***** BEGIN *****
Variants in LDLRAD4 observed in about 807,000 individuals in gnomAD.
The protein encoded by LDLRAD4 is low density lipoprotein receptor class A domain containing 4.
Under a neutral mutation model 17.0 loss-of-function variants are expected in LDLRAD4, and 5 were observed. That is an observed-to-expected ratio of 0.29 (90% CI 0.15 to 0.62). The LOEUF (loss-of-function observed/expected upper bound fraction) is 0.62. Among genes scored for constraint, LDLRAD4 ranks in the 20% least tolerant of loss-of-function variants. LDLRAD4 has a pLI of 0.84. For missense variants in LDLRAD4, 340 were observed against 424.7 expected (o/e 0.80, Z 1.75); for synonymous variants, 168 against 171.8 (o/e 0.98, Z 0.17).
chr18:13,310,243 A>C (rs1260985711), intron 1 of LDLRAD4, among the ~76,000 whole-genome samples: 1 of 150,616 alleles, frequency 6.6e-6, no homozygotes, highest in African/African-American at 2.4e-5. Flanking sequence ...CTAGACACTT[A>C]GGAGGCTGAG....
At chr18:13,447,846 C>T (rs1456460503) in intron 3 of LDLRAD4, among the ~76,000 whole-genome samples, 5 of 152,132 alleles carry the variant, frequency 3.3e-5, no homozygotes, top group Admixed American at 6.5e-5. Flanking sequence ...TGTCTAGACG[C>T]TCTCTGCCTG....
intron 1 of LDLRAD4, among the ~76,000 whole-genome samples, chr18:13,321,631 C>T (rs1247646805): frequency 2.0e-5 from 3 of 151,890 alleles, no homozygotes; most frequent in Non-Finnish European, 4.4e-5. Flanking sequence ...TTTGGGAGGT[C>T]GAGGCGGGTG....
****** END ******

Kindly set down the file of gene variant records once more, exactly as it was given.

Variants in LDLRAD4 observed in about 807,000 individuals in gnomAD.
The protein encoded by LDLRAD4 is low density lipoprotein receptor class A domain containing 4.
Under a neutral mutation model 17.0 loss-of-function variants are expected in LDLRAD4, and 5 were observed. That is an observed-to-expected ratio of 0.29 (90% CI 0.15 to 0.62). The LOEUF (loss-of-function observed/expected upper bound fraction) is 0.62. Among genes scored for constraint, LDLRAD4 ranks in the 20% least tolerant of loss-of-function variants. LDLRAD4 has a pLI of 0.84. For missense variants in LDLRAD4, 340 were observed against 424.7 expected (o/e 0.80, Z 1.75); for synonymous variants, 168 against 171.8 (o/e 0.98, Z 0.17).
chr18:13,310,243 A>C (rs1260985711), intron 1 of LDLRAD4, among the ~76,000 whole-genome samples: 1 of 150,616 alleles, frequency 6.6e-6, no homozygotes, highest in African/African-American at 2.4e-5. Flanking sequence ...CTAGACACTT[A>C]GGAGGCTGAG....
At chr18:13,447,846 C>T (rs1456460503) in intron 3 of LDLRAD4, among the ~76,000 whole-genome samples, 5 of 152,132 alleles carry the variant, frequency 3.3e-5, no homozygotes, top group Admixed American at 6.5e-5. Flanking sequence ...TGTCTAGACG[C>T]TCTCTGCCTG....
intron 1 of LDLRAD4, among the ~76,000 whole-genome samples, chr18:13,321,631 C>T (rs1247646805): frequency 2.0e-5 from 3 of 151,890 alleles, no homozygotes; most frequent in Non-Finnish European, 4.4e-5. Flanking sequence ...TTTGGGAGGT[C>T]GAGGCGGGTG....